A commemorative garden is set to be created at London’s Queen Elizabeth Olympic Park ©Getty Images

A memorial garden is set to be created at London's Queen Elizabeth Olympic Park as a tribute to key workers and those that lost their lives to coronavirus.

A total of 33 blossom trees are due to be planted at the site for the London 2012 Olympics and Paralympics to symbolise the capital’s different boroughs.

Blossom has been chosen to represent the season when the country went into its first lockdown.

The park is also set to feature public benches designed by local artist Junior Phipps, while the trees are expected to be planted in three rings.

Work on the commemorative garden, situated by the Timber Lodge cafe and Tumbling Bay children's playground, is due to start early next year.

The United Kingdom has registered almost 60,000 deaths from coronavirus since the beginning of the global health crisis.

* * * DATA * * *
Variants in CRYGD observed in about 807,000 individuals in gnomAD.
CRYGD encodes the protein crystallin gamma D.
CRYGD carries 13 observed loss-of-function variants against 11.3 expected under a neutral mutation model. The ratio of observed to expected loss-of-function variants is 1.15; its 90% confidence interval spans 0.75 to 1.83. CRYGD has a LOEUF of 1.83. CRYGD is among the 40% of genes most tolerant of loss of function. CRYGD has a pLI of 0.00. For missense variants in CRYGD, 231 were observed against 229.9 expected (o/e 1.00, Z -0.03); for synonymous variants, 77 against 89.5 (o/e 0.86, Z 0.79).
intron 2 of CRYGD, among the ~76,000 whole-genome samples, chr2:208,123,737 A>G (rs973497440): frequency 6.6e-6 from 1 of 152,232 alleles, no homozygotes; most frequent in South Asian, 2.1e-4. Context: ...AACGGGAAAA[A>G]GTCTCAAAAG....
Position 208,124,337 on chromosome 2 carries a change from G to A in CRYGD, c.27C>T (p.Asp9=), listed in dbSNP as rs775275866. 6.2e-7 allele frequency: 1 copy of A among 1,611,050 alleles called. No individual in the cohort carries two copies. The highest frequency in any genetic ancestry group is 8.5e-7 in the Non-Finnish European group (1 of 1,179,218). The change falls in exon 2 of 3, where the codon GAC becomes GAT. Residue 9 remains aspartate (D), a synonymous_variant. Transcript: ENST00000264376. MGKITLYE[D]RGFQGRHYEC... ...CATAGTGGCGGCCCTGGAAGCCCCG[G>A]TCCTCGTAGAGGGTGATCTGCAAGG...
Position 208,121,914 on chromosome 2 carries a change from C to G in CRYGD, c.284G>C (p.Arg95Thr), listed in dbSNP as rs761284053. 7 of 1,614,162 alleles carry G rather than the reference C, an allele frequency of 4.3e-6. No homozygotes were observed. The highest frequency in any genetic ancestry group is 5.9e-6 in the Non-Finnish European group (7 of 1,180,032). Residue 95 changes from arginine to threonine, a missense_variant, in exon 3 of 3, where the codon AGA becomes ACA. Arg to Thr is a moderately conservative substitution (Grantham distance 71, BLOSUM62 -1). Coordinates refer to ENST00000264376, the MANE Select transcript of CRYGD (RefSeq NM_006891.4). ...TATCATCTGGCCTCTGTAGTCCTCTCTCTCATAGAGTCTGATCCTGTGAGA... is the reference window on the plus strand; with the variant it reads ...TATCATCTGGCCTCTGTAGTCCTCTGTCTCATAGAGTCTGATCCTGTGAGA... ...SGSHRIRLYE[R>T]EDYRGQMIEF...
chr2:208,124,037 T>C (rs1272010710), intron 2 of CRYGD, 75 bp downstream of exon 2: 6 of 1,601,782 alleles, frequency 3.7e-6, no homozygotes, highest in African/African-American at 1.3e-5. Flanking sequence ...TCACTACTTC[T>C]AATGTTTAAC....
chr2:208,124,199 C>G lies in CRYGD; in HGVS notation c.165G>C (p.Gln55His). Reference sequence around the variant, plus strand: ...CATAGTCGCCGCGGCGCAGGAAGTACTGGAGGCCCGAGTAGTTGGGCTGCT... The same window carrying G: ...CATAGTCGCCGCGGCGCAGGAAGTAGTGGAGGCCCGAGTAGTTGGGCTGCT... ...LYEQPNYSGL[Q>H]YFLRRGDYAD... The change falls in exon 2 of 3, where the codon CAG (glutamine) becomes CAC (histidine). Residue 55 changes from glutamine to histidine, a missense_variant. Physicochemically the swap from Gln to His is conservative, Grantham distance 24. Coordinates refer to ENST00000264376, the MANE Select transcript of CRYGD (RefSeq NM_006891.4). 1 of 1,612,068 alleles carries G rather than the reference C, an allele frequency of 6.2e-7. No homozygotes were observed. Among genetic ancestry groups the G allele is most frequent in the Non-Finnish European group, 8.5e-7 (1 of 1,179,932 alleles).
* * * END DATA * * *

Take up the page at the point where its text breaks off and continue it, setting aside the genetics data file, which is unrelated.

Mayor of London Sadiq Khan believes the memorial garden will be a
Mayor of London Sadiq Khan believes the memorial garden will be a "permanent reminder" of the lives that have been lost ©Getty Images

Mayor of London Sadiq Khan hopes the space will give people the chance to reflect on the thousands of lives lost and the sacrifices made by key workers during the coronavirus pandemic.

"This public garden of blossom trees will be a permanent reminder of the lives that have been lost, a tribute to every single key worker, and a symbol of how Londoners have stood together to help one another," said Khan.

The London Stadium, the London Aquatics Centre, the Copper Box Arena and Lee Valley VeloPark - venues for the Olympic and Paralympic Games - are situated at the Olympic Park.

An environment report published in September found the Olympic Park had become home to a range of rare plants and animals since London 2012.